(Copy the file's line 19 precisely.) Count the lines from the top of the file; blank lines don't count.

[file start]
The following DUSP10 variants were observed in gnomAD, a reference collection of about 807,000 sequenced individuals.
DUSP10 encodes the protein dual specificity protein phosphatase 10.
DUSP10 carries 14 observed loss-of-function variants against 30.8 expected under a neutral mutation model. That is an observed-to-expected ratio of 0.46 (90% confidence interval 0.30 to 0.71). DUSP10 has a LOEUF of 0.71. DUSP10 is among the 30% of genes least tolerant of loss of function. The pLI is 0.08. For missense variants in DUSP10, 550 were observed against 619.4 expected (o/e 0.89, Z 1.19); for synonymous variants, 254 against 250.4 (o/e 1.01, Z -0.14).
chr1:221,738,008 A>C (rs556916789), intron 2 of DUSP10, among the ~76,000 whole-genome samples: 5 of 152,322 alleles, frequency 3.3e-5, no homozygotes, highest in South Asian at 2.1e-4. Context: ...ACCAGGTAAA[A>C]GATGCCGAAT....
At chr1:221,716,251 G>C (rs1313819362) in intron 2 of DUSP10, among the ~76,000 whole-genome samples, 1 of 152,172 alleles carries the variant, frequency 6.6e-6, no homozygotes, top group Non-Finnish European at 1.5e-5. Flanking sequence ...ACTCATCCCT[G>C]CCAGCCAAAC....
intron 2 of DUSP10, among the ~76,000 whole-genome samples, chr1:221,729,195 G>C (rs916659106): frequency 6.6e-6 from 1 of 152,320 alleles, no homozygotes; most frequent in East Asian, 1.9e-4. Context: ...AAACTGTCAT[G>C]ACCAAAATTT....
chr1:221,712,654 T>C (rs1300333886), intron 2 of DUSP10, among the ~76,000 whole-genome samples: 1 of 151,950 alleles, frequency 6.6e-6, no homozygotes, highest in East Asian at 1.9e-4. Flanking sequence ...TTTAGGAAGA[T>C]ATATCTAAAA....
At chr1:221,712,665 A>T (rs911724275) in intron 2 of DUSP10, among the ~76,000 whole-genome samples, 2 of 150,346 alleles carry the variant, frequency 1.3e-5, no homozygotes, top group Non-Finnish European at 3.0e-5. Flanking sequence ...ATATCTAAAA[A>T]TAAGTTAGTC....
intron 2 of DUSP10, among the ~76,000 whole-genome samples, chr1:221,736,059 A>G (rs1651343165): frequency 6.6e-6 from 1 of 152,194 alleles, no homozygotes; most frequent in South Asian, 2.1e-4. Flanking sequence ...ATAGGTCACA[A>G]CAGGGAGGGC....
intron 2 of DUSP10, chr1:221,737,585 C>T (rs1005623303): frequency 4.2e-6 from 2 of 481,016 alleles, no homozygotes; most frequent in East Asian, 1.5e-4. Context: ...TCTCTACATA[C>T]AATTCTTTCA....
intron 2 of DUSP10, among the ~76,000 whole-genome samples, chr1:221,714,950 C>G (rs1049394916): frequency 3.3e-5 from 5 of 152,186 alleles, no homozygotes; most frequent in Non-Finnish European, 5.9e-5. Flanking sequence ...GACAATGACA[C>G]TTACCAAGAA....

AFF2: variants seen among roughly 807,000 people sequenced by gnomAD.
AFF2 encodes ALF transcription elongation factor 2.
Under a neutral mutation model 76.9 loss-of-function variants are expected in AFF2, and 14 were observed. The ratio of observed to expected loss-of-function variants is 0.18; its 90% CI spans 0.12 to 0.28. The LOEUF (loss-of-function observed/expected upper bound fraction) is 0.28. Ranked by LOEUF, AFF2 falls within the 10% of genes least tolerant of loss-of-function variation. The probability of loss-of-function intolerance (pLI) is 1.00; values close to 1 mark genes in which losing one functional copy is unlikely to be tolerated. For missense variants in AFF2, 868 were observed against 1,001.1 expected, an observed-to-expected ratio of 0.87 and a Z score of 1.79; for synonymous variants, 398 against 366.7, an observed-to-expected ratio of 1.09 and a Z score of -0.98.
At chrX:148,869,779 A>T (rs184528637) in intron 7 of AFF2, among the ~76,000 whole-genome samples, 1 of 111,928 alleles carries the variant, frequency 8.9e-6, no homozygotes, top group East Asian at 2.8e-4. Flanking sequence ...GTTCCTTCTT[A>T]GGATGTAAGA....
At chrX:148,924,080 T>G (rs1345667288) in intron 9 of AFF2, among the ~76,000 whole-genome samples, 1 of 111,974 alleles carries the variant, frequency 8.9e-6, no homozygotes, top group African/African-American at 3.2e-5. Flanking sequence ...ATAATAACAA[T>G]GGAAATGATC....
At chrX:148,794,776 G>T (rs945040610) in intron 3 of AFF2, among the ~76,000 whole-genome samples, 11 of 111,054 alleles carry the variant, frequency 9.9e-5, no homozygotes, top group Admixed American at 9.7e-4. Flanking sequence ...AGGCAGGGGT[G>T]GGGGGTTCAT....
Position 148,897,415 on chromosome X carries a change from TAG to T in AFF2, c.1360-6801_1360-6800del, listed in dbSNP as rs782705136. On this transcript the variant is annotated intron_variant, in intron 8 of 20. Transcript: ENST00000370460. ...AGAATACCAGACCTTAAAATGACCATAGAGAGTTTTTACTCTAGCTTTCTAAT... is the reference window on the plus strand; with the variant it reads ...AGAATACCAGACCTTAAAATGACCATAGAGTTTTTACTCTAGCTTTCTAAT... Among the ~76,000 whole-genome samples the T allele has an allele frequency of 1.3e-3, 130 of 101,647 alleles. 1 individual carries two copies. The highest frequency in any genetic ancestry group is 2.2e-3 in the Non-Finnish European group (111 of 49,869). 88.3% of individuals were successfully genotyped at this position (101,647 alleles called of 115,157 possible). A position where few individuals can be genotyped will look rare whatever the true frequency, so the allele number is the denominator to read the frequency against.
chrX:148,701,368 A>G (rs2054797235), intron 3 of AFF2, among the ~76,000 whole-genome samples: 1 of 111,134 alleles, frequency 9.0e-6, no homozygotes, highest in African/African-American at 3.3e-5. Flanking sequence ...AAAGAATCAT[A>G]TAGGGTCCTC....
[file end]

chrX:148,701,368 A>G (rs2054797235), intron 3 of AFF2, among the ~76,000 whole-genome samples: 1 of 111,134 alleles, frequency 9.0e-6, no homozygotes, highest in African/African-American at 3.3e-5. Flanking sequence ...AAAGAATCAT[A>G]TAGGGTCCTC....